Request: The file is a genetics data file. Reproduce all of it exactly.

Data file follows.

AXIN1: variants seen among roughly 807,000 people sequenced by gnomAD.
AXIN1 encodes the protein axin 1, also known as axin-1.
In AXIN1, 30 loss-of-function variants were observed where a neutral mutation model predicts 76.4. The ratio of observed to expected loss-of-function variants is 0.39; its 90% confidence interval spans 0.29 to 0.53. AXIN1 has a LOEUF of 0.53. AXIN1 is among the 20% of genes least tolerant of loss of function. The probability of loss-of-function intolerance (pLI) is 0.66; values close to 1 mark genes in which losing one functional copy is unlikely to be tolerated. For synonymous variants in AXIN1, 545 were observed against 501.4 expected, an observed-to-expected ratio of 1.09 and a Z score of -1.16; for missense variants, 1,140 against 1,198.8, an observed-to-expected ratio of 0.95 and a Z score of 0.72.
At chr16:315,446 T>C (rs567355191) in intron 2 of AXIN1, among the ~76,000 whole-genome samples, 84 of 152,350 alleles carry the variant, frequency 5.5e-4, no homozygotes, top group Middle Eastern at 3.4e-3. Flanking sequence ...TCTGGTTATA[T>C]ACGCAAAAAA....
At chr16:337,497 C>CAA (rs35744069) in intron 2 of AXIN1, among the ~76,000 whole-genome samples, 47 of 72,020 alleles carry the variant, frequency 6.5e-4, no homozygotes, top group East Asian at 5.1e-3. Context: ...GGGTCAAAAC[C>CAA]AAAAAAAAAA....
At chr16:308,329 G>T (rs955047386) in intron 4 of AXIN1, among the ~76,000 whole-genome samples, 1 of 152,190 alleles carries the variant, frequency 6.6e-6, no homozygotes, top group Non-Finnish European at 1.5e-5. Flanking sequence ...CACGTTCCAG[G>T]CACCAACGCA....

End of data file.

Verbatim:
AXIN1: variants seen among roughly 807,000 people sequenced by gnomAD.
AXIN1 encodes the protein axin 1, also known as axin-1.
In AXIN1, 30 loss-of-function variants were observed where a neutral mutation model predicts 76.4. The ratio of observed to expected loss-of-function variants is 0.39; its 90% confidence interval spans 0.29 to 0.53. AXIN1 has a LOEUF of 0.53. AXIN1 is among the 20% of genes least tolerant of loss of function. The probability of loss-of-function intolerance (pLI) is 0.66; values close to 1 mark genes in which losing one functional copy is unlikely to be tolerated. For synonymous variants in AXIN1, 545 were observed against 501.4 expected, an observed-to-expected ratio of 1.09 and a Z score of -1.16; for missense variants, 1,140 against 1,198.8, an observed-to-expected ratio of 0.95 and a Z score of 0.72.
At chr16:315,446 T>C (rs567355191) in intron 2 of AXIN1, among the ~76,000 whole-genome samples, 84 of 152,350 alleles carry the variant, frequency 5.5e-4, no homozygotes, top group Middle Eastern at 3.4e-3. Flanking sequence ...TCTGGTTATA[T>C]ACGCAAAAAA....
At chr16:337,497 C>CAA (rs35744069) in intron 2 of AXIN1, among the ~76,000 whole-genome samples, 47 of 72,020 alleles carry the variant, frequency 6.5e-4, no homozygotes, top group East Asian at 5.1e-3. Context: ...GGGTCAAAAC[C>CAA]AAAAAAAAAA....
At chr16:308,329 G>T (rs955047386) in intron 4 of AXIN1, among the ~76,000 whole-genome samples, 1 of 152,190 alleles carries the variant, frequency 6.6e-6, no homozygotes, top group Non-Finnish European at 1.5e-5. Flanking sequence ...CACGTTCCAG[G>T]CACCAACGCA....